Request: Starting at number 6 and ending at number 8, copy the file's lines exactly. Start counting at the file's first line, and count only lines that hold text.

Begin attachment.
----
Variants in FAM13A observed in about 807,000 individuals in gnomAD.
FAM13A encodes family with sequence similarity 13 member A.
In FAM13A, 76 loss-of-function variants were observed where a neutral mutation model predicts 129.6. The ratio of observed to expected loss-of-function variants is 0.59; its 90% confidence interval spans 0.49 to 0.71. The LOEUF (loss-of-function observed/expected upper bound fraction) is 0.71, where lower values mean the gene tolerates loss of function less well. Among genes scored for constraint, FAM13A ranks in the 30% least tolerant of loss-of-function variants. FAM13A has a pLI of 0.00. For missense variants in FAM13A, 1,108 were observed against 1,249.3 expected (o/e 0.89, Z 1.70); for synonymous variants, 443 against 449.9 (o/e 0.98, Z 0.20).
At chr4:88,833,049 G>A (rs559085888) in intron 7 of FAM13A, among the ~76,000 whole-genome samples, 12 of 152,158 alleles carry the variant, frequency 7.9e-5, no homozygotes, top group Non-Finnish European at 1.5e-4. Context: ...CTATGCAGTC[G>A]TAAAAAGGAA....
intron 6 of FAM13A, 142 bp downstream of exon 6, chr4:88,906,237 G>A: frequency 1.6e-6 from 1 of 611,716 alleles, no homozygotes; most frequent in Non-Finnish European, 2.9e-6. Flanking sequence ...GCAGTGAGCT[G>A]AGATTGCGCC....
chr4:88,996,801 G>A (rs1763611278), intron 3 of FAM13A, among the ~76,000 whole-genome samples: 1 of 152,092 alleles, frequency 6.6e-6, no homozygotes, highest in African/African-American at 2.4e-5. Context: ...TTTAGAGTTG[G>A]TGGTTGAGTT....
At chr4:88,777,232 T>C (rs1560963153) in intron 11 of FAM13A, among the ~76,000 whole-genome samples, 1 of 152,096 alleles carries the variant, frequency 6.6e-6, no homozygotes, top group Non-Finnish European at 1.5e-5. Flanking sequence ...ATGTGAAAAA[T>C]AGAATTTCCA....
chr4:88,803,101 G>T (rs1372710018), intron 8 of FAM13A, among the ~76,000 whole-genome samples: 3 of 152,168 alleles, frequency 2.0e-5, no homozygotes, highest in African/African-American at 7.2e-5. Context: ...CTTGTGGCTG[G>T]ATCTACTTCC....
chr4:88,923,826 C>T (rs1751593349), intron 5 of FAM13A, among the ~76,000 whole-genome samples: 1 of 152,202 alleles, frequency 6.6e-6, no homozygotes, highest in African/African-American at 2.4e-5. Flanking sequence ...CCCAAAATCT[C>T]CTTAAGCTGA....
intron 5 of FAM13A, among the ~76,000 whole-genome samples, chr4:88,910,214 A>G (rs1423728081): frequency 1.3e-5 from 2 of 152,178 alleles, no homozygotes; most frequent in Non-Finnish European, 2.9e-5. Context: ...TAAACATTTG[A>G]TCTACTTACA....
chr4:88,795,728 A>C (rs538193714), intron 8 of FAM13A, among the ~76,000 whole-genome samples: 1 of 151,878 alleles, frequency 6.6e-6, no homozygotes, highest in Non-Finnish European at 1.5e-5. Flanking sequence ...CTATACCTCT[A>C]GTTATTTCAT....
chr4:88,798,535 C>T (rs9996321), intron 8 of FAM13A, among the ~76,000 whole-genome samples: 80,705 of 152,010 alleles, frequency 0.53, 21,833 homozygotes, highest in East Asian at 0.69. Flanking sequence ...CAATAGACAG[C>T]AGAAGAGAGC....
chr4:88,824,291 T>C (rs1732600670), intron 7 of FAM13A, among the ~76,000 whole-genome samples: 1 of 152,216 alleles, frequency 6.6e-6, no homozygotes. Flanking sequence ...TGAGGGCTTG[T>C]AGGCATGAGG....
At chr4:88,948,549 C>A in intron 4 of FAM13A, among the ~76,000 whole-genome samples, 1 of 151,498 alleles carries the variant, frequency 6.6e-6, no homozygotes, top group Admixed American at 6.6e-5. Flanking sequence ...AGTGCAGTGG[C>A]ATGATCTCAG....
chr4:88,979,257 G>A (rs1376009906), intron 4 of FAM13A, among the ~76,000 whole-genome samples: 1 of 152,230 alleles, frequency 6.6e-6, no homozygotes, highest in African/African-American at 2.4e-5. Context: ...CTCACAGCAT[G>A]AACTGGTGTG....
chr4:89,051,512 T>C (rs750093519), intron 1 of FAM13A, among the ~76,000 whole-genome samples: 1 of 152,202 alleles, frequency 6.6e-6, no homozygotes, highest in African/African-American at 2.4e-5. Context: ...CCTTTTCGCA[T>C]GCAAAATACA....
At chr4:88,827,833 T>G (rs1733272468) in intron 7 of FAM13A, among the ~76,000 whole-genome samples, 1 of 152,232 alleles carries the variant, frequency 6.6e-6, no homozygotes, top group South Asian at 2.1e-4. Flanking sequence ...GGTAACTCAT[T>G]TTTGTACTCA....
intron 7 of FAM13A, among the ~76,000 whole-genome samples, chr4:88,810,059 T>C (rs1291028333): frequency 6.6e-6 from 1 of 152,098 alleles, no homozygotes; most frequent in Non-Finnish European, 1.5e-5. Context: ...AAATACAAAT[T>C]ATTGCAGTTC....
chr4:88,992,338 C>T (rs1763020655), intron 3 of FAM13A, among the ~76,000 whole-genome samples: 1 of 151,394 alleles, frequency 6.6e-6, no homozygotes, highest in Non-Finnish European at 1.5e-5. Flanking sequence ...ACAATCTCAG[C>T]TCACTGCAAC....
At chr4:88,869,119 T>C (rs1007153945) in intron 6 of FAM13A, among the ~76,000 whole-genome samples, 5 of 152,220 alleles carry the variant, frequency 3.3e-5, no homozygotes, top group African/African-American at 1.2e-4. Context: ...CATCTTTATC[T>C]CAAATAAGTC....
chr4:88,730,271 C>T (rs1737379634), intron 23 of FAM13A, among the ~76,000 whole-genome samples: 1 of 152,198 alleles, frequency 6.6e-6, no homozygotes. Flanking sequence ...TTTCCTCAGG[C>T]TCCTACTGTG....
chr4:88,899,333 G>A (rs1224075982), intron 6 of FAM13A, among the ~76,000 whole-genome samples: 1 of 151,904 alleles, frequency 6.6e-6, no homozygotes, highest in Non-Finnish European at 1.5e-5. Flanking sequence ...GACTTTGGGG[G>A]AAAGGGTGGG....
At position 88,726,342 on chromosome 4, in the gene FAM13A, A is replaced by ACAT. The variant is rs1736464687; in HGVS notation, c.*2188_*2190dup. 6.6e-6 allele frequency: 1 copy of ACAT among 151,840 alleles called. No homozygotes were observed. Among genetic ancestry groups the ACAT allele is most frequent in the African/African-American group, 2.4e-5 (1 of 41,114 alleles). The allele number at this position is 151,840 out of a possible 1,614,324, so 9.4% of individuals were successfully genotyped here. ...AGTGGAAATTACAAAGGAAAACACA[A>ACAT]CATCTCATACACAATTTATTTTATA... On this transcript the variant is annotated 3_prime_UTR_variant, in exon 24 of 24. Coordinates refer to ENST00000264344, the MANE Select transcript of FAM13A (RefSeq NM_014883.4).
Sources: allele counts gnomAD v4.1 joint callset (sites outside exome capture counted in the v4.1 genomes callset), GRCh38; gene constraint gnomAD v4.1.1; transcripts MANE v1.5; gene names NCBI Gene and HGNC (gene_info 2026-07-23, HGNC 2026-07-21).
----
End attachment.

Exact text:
chr4:88,996,801 G>A (rs1763611278), intron 3 of FAM13A, among the ~76,000 whole-genome samples: 1 of 152,092 alleles, frequency 6.6e-6, no homozygotes, highest in African/African-American at 2.4e-5. Context: ...TTTAGAGTTG[G>A]TGGTTGAGTT....
At chr4:88,777,232 T>C (rs1560963153) in intron 11 of FAM13A, among the ~76,000 whole-genome samples, 1 of 152,096 alleles carries the variant, frequency 6.6e-6, no homozygotes, top group Non-Finnish European at 1.5e-5. Flanking sequence ...ATGTGAAAAA[T>C]AGAATTTCCA....
chr4:88,803,101 G>T (rs1372710018), intron 8 of FAM13A, among the ~76,000 whole-genome samples: 3 of 152,168 alleles, frequency 2.0e-5, no homozygotes, highest in African/African-American at 7.2e-5. Context: ...CTTGTGGCTG[G>T]ATCTACTTCC....